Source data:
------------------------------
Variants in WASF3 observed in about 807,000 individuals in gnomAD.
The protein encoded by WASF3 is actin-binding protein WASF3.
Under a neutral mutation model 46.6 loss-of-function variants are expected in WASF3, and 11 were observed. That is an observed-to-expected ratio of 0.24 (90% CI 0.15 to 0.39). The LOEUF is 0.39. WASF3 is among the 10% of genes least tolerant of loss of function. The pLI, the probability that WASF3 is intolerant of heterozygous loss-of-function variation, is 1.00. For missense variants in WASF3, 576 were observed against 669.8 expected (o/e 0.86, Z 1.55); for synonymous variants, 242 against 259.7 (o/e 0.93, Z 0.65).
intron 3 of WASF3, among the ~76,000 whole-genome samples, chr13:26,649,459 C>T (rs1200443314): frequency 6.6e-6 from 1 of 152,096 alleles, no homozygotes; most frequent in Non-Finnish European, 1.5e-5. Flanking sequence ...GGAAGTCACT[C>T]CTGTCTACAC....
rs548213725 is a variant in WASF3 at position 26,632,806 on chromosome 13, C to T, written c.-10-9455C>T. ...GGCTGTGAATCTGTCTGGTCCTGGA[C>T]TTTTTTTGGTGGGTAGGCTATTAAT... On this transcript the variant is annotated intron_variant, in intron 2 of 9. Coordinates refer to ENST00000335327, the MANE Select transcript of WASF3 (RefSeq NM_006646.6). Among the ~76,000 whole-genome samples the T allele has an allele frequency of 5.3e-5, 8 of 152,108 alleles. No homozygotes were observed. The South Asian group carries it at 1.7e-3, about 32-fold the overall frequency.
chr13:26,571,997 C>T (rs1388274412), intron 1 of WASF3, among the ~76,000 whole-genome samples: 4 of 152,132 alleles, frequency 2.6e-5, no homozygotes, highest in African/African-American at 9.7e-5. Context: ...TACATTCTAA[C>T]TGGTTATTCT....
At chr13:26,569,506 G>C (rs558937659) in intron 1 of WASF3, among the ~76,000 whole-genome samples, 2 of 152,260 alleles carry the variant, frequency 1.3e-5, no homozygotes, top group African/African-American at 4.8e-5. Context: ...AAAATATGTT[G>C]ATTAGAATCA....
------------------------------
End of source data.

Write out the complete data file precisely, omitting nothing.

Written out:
Variants in WASF3 observed in about 807,000 individuals in gnomAD.
The protein encoded by WASF3 is actin-binding protein WASF3.
Under a neutral mutation model 46.6 loss-of-function variants are expected in WASF3, and 11 were observed. That is an observed-to-expected ratio of 0.24 (90% CI 0.15 to 0.39). The LOEUF is 0.39. WASF3 is among the 10% of genes least tolerant of loss of function. The pLI, the probability that WASF3 is intolerant of heterozygous loss-of-function variation, is 1.00. For missense variants in WASF3, 576 were observed against 669.8 expected (o/e 0.86, Z 1.55); for synonymous variants, 242 against 259.7 (o/e 0.93, Z 0.65).
intron 3 of WASF3, among the ~76,000 whole-genome samples, chr13:26,649,459 C>T (rs1200443314): frequency 6.6e-6 from 1 of 152,096 alleles, no homozygotes; most frequent in Non-Finnish European, 1.5e-5. Flanking sequence ...GGAAGTCACT[C>T]CTGTCTACAC....
rs548213725 is a variant in WASF3 at position 26,632,806 on chromosome 13, C to T, written c.-10-9455C>T. ...GGCTGTGAATCTGTCTGGTCCTGGA[C>T]TTTTTTTGGTGGGTAGGCTATTAAT... On this transcript the variant is annotated intron_variant, in intron 2 of 9. Coordinates refer to ENST00000335327, the MANE Select transcript of WASF3 (RefSeq NM_006646.6). Among the ~76,000 whole-genome samples the T allele has an allele frequency of 5.3e-5, 8 of 152,108 alleles. No homozygotes were observed. The South Asian group carries it at 1.7e-3, about 32-fold the overall frequency.
chr13:26,571,997 C>T (rs1388274412), intron 1 of WASF3, among the ~76,000 whole-genome samples: 4 of 152,132 alleles, frequency 2.6e-5, no homozygotes, highest in African/African-American at 9.7e-5. Context: ...TACATTCTAA[C>T]TGGTTATTCT....
At chr13:26,569,506 G>C (rs558937659) in intron 1 of WASF3, among the ~76,000 whole-genome samples, 2 of 152,260 alleles carry the variant, frequency 1.3e-5, no homozygotes, top group African/African-American at 4.8e-5. Context: ...AAAATATGTT[G>C]ATTAGAATCA....